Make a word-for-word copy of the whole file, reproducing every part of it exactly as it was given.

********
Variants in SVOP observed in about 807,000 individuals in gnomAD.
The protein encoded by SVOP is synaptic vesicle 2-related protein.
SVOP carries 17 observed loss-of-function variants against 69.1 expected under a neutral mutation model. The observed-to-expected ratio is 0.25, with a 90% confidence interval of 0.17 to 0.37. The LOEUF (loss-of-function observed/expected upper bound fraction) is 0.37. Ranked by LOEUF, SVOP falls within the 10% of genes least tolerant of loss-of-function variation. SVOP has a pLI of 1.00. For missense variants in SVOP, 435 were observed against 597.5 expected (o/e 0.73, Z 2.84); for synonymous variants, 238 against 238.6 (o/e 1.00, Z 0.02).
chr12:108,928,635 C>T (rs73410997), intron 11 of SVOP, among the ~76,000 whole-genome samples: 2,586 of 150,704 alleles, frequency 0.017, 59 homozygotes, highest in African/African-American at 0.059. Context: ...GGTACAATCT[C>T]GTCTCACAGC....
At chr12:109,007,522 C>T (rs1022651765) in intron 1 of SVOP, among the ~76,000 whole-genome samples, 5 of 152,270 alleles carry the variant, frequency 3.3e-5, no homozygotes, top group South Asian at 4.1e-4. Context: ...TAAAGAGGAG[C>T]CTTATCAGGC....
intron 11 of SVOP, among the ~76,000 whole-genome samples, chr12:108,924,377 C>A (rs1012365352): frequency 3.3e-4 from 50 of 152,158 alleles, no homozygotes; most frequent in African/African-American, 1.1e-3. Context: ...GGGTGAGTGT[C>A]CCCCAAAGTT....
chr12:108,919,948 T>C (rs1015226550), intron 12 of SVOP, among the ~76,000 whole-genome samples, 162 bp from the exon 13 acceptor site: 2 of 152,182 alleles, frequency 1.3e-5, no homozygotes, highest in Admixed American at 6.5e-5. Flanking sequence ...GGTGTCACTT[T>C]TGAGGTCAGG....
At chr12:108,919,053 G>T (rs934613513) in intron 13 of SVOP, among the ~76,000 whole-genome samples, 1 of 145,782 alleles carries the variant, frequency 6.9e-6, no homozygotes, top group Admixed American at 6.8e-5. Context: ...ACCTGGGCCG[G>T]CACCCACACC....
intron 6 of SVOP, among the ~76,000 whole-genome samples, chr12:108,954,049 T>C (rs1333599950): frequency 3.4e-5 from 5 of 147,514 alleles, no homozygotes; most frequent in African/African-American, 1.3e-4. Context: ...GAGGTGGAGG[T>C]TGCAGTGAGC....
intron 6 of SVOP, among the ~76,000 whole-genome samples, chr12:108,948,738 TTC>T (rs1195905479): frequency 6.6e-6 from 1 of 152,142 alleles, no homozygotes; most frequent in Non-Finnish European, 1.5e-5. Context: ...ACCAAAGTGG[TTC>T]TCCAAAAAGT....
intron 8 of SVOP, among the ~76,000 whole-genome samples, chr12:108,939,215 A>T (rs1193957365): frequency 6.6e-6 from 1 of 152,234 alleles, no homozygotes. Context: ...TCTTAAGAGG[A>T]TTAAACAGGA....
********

Variants in SVOP observed in about 807,000 individuals in gnomAD.
The protein encoded by SVOP is synaptic vesicle 2-related protein.
SVOP carries 17 observed loss-of-function variants against 69.1 expected under a neutral mutation model. The observed-to-expected ratio is 0.25, with a 90% confidence interval of 0.17 to 0.37. The LOEUF (loss-of-function observed/expected upper bound fraction) is 0.37. Ranked by LOEUF, SVOP falls within the 10% of genes least tolerant of loss-of-function variation. SVOP has a pLI of 1.00. For missense variants in SVOP, 435 were observed against 597.5 expected (o/e 0.73, Z 2.84); for synonymous variants, 238 against 238.6 (o/e 1.00, Z 0.02).
chr12:108,928,635 C>T (rs73410997), intron 11 of SVOP, among the ~76,000 whole-genome samples: 2,586 of 150,704 alleles, frequency 0.017, 59 homozygotes, highest in African/African-American at 0.059. Context: ...GGTACAATCT[C>T]GTCTCACAGC....
At chr12:109,007,522 C>T (rs1022651765) in intron 1 of SVOP, among the ~76,000 whole-genome samples, 5 of 152,270 alleles carry the variant, frequency 3.3e-5, no homozygotes, top group South Asian at 4.1e-4. Context: ...TAAAGAGGAG[C>T]CTTATCAGGC....
intron 11 of SVOP, among the ~76,000 whole-genome samples, chr12:108,924,377 C>A (rs1012365352): frequency 3.3e-4 from 50 of 152,158 alleles, no homozygotes; most frequent in African/African-American, 1.1e-3. Context: ...GGGTGAGTGT[C>A]CCCCAAAGTT....
chr12:108,919,948 T>C (rs1015226550), intron 12 of SVOP, among the ~76,000 whole-genome samples, 162 bp from the exon 13 acceptor site: 2 of 152,182 alleles, frequency 1.3e-5, no homozygotes, highest in Admixed American at 6.5e-5. Flanking sequence ...GGTGTCACTT[T>C]TGAGGTCAGG....
At chr12:108,919,053 G>T (rs934613513) in intron 13 of SVOP, among the ~76,000 whole-genome samples, 1 of 145,782 alleles carries the variant, frequency 6.9e-6, no homozygotes, top group Admixed American at 6.8e-5. Context: ...ACCTGGGCCG[G>T]CACCCACACC....
intron 6 of SVOP, among the ~76,000 whole-genome samples, chr12:108,954,049 T>C (rs1333599950): frequency 3.4e-5 from 5 of 147,514 alleles, no homozygotes; most frequent in African/African-American, 1.3e-4. Context: ...GAGGTGGAGG[T>C]TGCAGTGAGC....
intron 6 of SVOP, among the ~76,000 whole-genome samples, chr12:108,948,738 TTC>T (rs1195905479): frequency 6.6e-6 from 1 of 152,142 alleles, no homozygotes; most frequent in Non-Finnish European, 1.5e-5. Context: ...ACCAAAGTGG[TTC>T]TCCAAAAAGT....
intron 8 of SVOP, among the ~76,000 whole-genome samples, chr12:108,939,215 A>T (rs1193957365): frequency 6.6e-6 from 1 of 152,234 alleles, no homozygotes. Context: ...TCTTAAGAGG[A>T]TTAAACAGGA....